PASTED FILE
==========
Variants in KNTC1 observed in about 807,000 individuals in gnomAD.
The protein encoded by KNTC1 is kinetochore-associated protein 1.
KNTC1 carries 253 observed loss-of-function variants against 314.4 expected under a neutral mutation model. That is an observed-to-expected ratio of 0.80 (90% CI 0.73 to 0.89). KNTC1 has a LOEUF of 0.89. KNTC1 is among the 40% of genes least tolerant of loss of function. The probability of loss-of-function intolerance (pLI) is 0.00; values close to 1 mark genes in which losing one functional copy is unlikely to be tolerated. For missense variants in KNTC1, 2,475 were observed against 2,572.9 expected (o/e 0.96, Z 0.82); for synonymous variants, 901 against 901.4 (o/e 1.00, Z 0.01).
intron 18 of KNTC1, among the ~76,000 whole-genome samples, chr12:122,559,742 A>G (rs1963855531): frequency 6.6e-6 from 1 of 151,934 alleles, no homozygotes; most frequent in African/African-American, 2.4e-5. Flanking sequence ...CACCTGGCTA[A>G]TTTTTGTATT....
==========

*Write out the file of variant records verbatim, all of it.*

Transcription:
Variants in KNTC1 observed in about 807,000 individuals in gnomAD.
The protein encoded by KNTC1 is kinetochore-associated protein 1.
KNTC1 carries 253 observed loss-of-function variants against 314.4 expected under a neutral mutation model. That is an observed-to-expected ratio of 0.80 (90% CI 0.73 to 0.89). KNTC1 has a LOEUF of 0.89. KNTC1 is among the 40% of genes least tolerant of loss of function. The probability of loss-of-function intolerance (pLI) is 0.00; values close to 1 mark genes in which losing one functional copy is unlikely to be tolerated. For missense variants in KNTC1, 2,475 were observed against 2,572.9 expected (o/e 0.96, Z 0.82); for synonymous variants, 901 against 901.4 (o/e 1.00, Z 0.01).
intron 18 of KNTC1, among the ~76,000 whole-genome samples, chr12:122,559,742 A>G (rs1963855531): frequency 6.6e-6 from 1 of 151,934 alleles, no homozygotes; most frequent in African/African-American, 2.4e-5. Flanking sequence ...CACCTGGCTA[A>G]TTTTTGTATT....